Our Review of Lincoln

[dropcap]D[/dropcap]irector Steven Spielberg’s “Lincoln” is about the last four months of the President’s life in office (August-December 1865), as he, weary from carrying the weight of a nation divided, sought to wind down the war with the South, while simultaneously making preparations for a Reconstruction period that, if not planned carefully, would see slavery take root again in the South. The film, based on Doris Kearn’s Goodwin’s “Team of Rivals: The Political Genius of Abraham Lincoln,” depicts Lincoln (played by Daniel Day-Lewis) as rather elderly, internally-conflicted, quirky, and soft-spoken in his day-to-day routines behind closed doors – ever the humble public servant – and yet, stubborn, proudly oratorical, and oft-moral relativistic when convinced the ends would justify the means, even if it meant partnering with some shady characters.

Lewis himself acknowledges the “two faces” of Lincoln in a recent NYT profile:

He has a very powerful orbit, which is interesting because we tend to hold him at such a distance. He’s been mythologized almost to the point of dehumanization. But when you begin to approach him, he almost instantly becomes welcoming and accessible, the way he was in life.”

Or as screenwriter Tony Kushner says (h/t WaPo):

“I think the reason we had such an easy time talking about Lincoln and sharing a vision of Lincoln is that we both agree so deeply [that he] was an in­cred­ibly dextrous walker of tightropes.”

The timeliness of the movie’s release, only three days after the presidential election, invites, perhaps, comparisons to our current officeholder. He too, a lawyer, an Illinoisan and an outsider in Washington, a towering rhetorical figure with the world’s expectations on his shoulders, he too a “tightrope walker”, the people’s candidate, seeking to accomplish the great legislative victories he promised within a transcendent moral framework, all the while facing an unbending and highly polarized Congress.  Indeed, Obama has cited Lincoln as a principal influence in his life, so much that he announced his candidacy for president at the same Springfield Courthouse Lincoln announced his way back in 1858; Obama also used Lincoln’s Bible to take the Oath of Office. 

While conspiracy theorists should probably leave this one alone (Spielberg and team released this film AFTER the election), there is something immensely gratifying, on an intellectual level, to gain from this film. For me, it’s that governing is incredibly difficult, if you want to do it with conviction and with your heart set on the right…with the attitude that scoring cheap political points is irresponsible, and moreover, what is responsible, is to face that sea of troubles to accomplish what you know in your heart will be affirmed by history. The very soul of this movie is Lincoln’s impassioned defense of his position to push as hard as possible to get the House of Representatives, a body deeply divided along party lines, to pass the 13th Amendment. While avoiding freeing the slaves may have garnered peace a few months sooner, Lincoln knew this moment was his, and the nation’s, opportunity, to do something right for the good of humanity.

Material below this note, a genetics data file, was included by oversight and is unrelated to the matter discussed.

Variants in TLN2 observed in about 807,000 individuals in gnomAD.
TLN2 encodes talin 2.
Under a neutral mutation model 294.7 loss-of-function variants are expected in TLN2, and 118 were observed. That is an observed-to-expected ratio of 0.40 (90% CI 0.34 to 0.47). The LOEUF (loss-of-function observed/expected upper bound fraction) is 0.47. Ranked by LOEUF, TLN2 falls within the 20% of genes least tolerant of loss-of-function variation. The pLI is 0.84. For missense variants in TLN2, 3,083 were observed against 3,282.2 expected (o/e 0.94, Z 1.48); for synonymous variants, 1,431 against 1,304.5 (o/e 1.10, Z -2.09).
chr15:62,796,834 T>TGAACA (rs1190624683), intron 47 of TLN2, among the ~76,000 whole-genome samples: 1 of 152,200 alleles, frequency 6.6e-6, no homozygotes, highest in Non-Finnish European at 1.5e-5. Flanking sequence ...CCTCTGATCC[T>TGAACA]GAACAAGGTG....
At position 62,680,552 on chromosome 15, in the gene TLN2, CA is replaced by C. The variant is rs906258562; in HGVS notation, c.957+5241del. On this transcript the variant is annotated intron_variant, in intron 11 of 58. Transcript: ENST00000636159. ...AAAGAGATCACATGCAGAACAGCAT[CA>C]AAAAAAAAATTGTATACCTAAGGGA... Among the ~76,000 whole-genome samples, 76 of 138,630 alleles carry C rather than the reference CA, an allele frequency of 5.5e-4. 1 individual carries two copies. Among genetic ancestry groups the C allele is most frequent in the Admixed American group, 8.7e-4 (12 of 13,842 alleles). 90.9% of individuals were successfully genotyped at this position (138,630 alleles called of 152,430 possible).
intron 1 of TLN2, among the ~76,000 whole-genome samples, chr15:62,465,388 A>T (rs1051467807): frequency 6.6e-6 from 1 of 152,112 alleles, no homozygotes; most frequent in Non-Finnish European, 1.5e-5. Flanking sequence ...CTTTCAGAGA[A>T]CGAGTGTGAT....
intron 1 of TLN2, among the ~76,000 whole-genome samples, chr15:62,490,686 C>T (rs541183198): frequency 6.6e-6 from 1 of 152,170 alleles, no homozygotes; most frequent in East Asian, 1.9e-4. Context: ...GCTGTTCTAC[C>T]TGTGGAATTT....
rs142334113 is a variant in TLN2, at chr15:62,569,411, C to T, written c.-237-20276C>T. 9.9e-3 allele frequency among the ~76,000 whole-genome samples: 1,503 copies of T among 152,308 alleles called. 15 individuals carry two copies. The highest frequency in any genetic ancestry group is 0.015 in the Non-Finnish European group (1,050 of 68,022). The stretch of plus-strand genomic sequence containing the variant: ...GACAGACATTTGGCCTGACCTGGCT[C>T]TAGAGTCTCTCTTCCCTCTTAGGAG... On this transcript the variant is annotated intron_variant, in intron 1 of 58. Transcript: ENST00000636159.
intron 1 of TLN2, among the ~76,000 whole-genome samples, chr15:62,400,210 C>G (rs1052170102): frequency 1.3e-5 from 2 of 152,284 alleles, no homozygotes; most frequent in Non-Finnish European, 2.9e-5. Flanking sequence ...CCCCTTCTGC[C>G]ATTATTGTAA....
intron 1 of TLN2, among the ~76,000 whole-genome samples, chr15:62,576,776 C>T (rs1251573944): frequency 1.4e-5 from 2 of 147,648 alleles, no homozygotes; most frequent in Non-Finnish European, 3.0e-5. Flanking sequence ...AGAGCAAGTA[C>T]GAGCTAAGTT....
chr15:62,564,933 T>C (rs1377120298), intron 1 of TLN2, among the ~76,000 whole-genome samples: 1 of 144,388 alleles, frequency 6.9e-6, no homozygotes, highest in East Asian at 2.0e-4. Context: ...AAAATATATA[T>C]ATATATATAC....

Real picture of Lincoln in 1864 (left); Lewis (right)
H/T Slate.com

Lewis’ performance itself is a masterpiece: the time he spent to read primary and secondary sources on the man he played has paid off in a big way. In the same NYT interview cited above, Lewis reveals how close he got to Lincoln, at times almost losing himself in his role.

“Without sounding unhinged, I know I’m not Abraham Lincoln. I’m aware of that. But the truth is the entire game is about creating an illusion, and for whatever reason, and mad as it may sound, some part of me can allow myself to believe for a period for time without questioning, and that’s the trick.”

Where the movie lacks is in Lincoln’s personal moments with his family: his insecure wife (Sally Field) and his stubborn older son (Joseph Gordon Levitt). Their presences just seem distracting, and in fact have no bearing on the plot. This piece is only a proxy indicator of a larger deficiency in the overall film, which is that Spielberg and team probably bit off more than they could chew, trying-but-not-succceeding to balance fast-paced Sorkinian White House banter with quiet moments around the fire for brooding, careening over to carriage rides through the orange dirt-laden streets of Washington and to battle scenes, to heated rhetorical battles in the House of Representatives, to depressingly-heart hurting scenes between the President and his mentally-imbalanced wife. It’s almost as if the movie would have been better as a mini-series, the amount of pieces it contained. Still, Lewis’ performance will rank up there as the best of his career, undoubtedly, and if the worst we can say at the end of the movie is that we wanted more, well, that’s not much, is it? <a
href=”http://www.rottentomatoes.com/m/lincoln_2011/”>Rotten Tomatoes: 93%

Lincoln Trailer: